Learning from home for COVID-19: follow this Ontario family's 8-part education journey
Families all over Ontario are figuring out how to support their school-age kids as they learn from home during COVID-19.
For two weeks CBC Kitchener-Waterloo tagged along as Carin Lowerison and Matt White helped their three girls learn from home.
It all started just after Easter when their local public school board formalized home-based learning. That meant assignments from teachers, deadlines and daily feedback.
Day 2: Managing screentime when school goes online
As the girls' teachers continued to send daily assignments and even feedback, Carin and Matt discovered managing screen time is more difficult than expected.
All communication, assignments — even the family's decompression time together — involves time in front of a computer, tablet or TV.
And taking classwork offline comes with a tradeoff: more hands-on work for the parents.
Day 3: Even parents who teach are finding school difficult
As it happens, both Matt and Carin have a bit of experience teaching.
Carin is a yoga instructor and Matt teaches the odd course at the University of Waterloo. But teaching kids is something completely different, he says, as he struggles to digest some of the curriculum, and break it down in a way his young daughters can understand.
On top of that, their two oldest girls are in French immersion, but only one parent speaks French.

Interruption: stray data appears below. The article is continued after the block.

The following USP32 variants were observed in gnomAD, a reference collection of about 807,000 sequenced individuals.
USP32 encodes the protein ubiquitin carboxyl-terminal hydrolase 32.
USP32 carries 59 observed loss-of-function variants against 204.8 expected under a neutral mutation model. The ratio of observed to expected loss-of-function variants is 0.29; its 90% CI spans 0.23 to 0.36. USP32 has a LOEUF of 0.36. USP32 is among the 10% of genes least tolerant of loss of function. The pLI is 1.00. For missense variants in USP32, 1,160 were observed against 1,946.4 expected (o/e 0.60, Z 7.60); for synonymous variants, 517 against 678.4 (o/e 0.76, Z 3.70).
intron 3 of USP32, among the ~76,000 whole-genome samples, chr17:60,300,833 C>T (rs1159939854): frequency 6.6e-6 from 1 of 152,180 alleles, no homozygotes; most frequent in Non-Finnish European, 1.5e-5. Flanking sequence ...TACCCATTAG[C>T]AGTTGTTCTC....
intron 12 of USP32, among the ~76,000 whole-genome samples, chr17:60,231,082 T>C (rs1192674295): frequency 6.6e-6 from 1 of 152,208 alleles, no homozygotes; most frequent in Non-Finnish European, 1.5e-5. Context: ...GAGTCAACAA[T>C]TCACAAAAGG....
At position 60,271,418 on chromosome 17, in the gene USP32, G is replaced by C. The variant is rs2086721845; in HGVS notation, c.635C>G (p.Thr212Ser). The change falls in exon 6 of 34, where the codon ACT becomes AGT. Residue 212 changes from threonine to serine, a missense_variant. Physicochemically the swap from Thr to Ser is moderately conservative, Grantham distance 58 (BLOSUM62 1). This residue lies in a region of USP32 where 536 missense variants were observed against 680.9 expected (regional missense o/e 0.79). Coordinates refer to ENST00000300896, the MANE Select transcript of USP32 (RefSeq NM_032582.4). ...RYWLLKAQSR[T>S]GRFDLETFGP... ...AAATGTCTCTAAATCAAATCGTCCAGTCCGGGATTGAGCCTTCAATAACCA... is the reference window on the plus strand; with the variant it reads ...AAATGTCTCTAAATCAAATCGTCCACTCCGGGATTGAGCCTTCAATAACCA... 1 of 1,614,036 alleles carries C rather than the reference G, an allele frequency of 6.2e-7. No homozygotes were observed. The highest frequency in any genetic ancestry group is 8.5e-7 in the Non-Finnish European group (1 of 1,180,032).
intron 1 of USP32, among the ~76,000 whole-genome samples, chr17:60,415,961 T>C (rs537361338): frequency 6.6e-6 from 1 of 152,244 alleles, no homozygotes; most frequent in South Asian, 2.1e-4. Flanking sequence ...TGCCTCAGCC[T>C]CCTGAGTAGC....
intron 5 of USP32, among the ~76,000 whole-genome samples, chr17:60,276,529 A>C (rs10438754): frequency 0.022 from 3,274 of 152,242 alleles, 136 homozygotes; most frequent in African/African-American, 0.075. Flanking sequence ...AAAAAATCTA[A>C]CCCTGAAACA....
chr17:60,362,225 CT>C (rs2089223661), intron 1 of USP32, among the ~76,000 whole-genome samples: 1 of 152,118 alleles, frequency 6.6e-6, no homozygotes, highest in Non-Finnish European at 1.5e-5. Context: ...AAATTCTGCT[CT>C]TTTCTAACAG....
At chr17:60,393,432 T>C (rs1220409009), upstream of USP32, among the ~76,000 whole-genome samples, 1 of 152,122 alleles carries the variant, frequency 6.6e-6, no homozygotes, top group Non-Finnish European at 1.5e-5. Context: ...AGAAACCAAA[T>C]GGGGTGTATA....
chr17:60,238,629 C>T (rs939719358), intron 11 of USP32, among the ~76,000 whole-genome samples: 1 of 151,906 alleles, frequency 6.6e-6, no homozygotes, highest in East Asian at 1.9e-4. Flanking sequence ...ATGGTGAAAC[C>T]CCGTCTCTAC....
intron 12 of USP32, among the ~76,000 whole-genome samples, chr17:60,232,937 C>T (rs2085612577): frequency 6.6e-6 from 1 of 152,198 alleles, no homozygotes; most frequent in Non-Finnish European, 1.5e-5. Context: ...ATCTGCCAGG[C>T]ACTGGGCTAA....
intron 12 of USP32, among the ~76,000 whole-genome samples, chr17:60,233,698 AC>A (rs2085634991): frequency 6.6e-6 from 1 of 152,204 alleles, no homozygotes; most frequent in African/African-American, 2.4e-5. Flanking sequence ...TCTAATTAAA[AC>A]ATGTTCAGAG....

Day 4: Setting reasonable expectations
Like many parents, Matt and Carin are finding learning from home is harder than they expected.
The daily assignments from teachers are taking longer than anyone hoped; what was supposed to be a simple hour-long self-directed activity takes much longer. That's on top of the regular parenting, work, feeding everyone and keeping the house clean.
Here's the whole family's take on how week one went, and what a fresh start will look like for week two.
Day 5: Overcoming conflict in close quarters
For week two of learning at home, Carin and Matt decided to try something a little different: get schoolwork done early and one at a time, so each one of their kids has time to concentrate on their studies solo.
It started out smoothly, but when they tried to encourage one of the girls to be more independent, it didn't go over well.
That got Matt and Carin thinking about overcoming conflict while cooped up in close quarters.
Day 6: When fresh air helps focus the mind
For the better part of the last week, the family's focus has largely been on Heidrun, 9, and Berkeley, 11, and their schoolwork; making sure they had time, space and energy to get the work done.
The result, say Matt and Carin, was Clementine, 5, kind of got lost in the mix. So, on Day 6, the family got a little fresh air, and focused more on the little one's learning.
Day 7: Working through stress and anxiety
Up until March Break, all three girls spent their days at Sheppard Public School, in downtown Kitchener, Ont.
Then the pandemic closed the schools and ever since, Berkeley, Heidrun and Clementine have been doing their lessons at the kitchen table, in the attic — wherever they can find a quiet place to study.
But never far away is the reality that they can't see their friends and they can't really play outside like they used to. That creates stress and anxiety that kids are only somewhat equipped to deal with.
Especially empathic ones, like Heidrun, who are prone to worry.
Day 8: Endings and beginnings
Carin and Matt's eldest girl, Berkeley, 11, graduates elementary school this June — and was really looking forward to it.
She had hoped to have a chance to say goodbye to her school, her teacher and her friends, before moving onto a bigger school where she'll only know some of the kids.
It's just one more thing she, and her family, are adjusting to as schools stay closed, but Carin and Matt say, it is getting easier and if they need to keep it up until the end of June, they'll make it work.